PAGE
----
Saturday, 21 February 2015
Students on the Autism Spectrum and REBE
The English lingo is replete with idioms that would pose a problem or two to a student with Aspergers Syndrome. Certain turns of phrase would be as clear as muddy water! She would remain none the wiser if you were to ask her to ‘pull your socks up’ or ‘pull your finger out'or 'take a chair!’ Are you with me? She’d be flat out trying to cop on to the message. How difficult would it be to get a handle on the meaning of a message if it can only be taken literally.
Consider the expressions ‘to get a handle on something’ and ‘turns of phrase’ mentioned above. Somehow we internalise these expressions, which make particular meanings and we draw them out of our linguistic hat and use them in the right place at the right time in the right context (We hope!). But what of the student who has Aspergers Syndrome? What assumptions can we make about her capacity to understand these culturally specific idioms?
I was once asked to observe a student in the classroom setting as the teacher had some concerns about the child’s behaviour. I asked the student on one occasion ‘is that your paper under the desk there? To which he replied ‘yes it is’ and continued to carry on doing what he was doing. Implied in my words and tone was ‘there’s paper under your desk. I assume it’s yours and will you pick it up?’ I expected that the student would understand this, as most other students would do in my experience. I remember I found this interesting and repeated what I asked before. The result was exactly the same and then it dawned on me (‘to dawn on someone’ – another one!) that this person might be exhibiting characteristics of Aspergers Syndrome. He understood the literal meaning of what I had said and responded accordingly but had missed the other more subtle meanings conveyed by tone and body language. How much more trouble would this student have dealing with idiomatic terms such as those mentioned above?
As it turned out he was diagnosed eventually as having Aspergers Syndrome.
What can happen if we assume a student ‘should’ know what was being asked of him? He would be reprimanded possibly labeled a naughty so and so who ‘should’ show more respect to his elders! The student would be wondering what’s going on. ‘You asked me if that was my paper under my desk and I answered you. Why am I in trouble?’ And it would escalate from there as mutual misunderstanding prevailed.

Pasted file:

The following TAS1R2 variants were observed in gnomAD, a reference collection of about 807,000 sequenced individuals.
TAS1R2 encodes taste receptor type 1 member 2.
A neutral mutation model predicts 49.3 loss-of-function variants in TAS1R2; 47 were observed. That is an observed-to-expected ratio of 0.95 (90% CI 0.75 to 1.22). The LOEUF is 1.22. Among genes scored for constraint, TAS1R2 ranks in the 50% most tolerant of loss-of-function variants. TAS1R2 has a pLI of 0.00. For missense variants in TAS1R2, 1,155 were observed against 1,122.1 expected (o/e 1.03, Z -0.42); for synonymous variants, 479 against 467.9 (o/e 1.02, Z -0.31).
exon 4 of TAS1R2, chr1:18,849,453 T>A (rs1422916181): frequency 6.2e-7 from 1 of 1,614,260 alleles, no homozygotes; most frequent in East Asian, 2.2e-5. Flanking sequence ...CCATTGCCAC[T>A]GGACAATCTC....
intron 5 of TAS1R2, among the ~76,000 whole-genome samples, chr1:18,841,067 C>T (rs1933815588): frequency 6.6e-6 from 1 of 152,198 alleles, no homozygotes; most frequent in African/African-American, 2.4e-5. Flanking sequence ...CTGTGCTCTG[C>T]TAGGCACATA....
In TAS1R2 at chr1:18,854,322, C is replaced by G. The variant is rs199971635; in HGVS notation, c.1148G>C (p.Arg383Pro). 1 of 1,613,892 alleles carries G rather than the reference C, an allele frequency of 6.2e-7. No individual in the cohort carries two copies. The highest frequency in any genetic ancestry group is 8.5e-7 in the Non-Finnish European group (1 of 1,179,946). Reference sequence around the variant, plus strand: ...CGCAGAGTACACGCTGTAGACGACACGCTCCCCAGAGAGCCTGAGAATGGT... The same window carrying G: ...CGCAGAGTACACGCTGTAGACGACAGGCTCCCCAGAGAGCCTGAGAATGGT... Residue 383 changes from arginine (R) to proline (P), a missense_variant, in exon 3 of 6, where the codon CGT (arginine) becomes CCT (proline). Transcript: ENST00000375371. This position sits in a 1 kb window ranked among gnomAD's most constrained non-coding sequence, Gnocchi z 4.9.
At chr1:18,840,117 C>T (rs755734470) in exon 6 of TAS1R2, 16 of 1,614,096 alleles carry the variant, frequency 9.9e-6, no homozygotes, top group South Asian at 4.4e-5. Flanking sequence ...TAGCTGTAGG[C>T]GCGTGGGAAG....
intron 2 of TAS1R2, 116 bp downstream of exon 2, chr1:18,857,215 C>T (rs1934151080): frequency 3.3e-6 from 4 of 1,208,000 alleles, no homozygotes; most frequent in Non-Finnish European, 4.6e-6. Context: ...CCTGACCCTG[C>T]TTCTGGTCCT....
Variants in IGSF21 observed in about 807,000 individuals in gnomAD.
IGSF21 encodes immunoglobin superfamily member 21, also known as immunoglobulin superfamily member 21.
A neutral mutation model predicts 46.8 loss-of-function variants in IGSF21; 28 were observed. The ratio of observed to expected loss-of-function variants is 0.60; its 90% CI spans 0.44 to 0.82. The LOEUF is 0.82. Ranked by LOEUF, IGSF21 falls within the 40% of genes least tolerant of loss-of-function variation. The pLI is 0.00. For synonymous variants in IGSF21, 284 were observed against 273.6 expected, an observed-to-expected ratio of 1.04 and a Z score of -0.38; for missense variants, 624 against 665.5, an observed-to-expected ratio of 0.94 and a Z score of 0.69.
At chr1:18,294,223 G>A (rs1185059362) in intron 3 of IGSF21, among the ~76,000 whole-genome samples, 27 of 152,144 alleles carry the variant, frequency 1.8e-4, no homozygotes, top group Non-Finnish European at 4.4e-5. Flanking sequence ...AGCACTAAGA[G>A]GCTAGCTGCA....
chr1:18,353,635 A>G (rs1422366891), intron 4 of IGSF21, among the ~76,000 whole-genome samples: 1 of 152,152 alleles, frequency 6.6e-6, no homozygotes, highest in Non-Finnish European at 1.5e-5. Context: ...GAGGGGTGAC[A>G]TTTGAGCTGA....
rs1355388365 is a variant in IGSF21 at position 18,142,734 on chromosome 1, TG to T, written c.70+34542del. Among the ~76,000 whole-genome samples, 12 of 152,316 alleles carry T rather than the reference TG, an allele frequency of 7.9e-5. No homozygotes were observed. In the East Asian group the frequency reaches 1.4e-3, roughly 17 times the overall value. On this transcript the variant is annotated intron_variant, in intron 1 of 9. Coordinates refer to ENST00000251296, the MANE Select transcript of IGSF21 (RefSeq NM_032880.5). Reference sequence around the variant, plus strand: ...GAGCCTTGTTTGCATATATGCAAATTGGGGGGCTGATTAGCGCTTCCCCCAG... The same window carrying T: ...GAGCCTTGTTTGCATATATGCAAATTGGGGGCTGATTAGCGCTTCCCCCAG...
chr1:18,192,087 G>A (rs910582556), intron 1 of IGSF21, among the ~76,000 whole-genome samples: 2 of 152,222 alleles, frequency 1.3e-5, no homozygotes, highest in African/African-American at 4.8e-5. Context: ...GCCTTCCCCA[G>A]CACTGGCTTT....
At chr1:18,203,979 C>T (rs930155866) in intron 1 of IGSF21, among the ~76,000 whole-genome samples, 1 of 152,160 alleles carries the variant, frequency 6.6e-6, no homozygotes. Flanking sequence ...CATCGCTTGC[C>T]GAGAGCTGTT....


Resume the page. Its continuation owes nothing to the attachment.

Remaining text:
As Karen Horney once said
‘Try to eliminate the word ‘SHOULD’ from your vocabulary … but try doing so though without replacing ‘SHOULD’ with OUGHT or YOU”D better.”
Rational Emotive Behaviour Education reminds us that when we operate from a ‘shouldist’ perspective we don’t make helpful judgements and we don’t feel our optimum best. Our ‘behaviour management’ approach to addressing student behaviour is based on such a perspective. All students are the same and they should all know better. Right?
Not true. Someone once said, ‘treating everyone the same is not equality.’
However we continue to persist with this system of warnings, detention, suspension and exclusion. Why is this approach unhelpful to our Aspergers student? What ‘musts’ ‘oughts’ and ‘shoulds’ underpin this one size fits all approach to behaviour (mis)education?
Rational Emotive Behaviour Educators will:
· Not assume that all students absolutely should behave as the teacher believes they must.
· Remain calm as they will not demand that they should get something that they know they won’t get (in the short term).
· Teach students how their thinking feeling and behaviour are linked together.
· Negotiate learning goals with students to help them develop their competencies.
· Regard behaviour education as part of the curriculum and not exclusive of it.
Specific to the Asperger child the Rational Emotive Behaviour Educator will:
· Understand that she will take things literally so teaching about idiom would help or choosing not to use it is an option in some situations.
· Be explicit, ‘please pick up that paper under your desk?’ rather than ‘is that your paper under the desk?’
· Help her challenge inflexible ‘must’ expectations e.g. ‘People must always behave as I believe they must’ or ‘things always must be the way I want them to be’ (social stories, change classroom furniture, change the timetable) by exposing the student to subtle and explained changes.
· Teach her to put the ‘badness’ of situations in perspective, to decatastrophise so she accepts that when she doesn’t get what she believes she must have, she can handle it.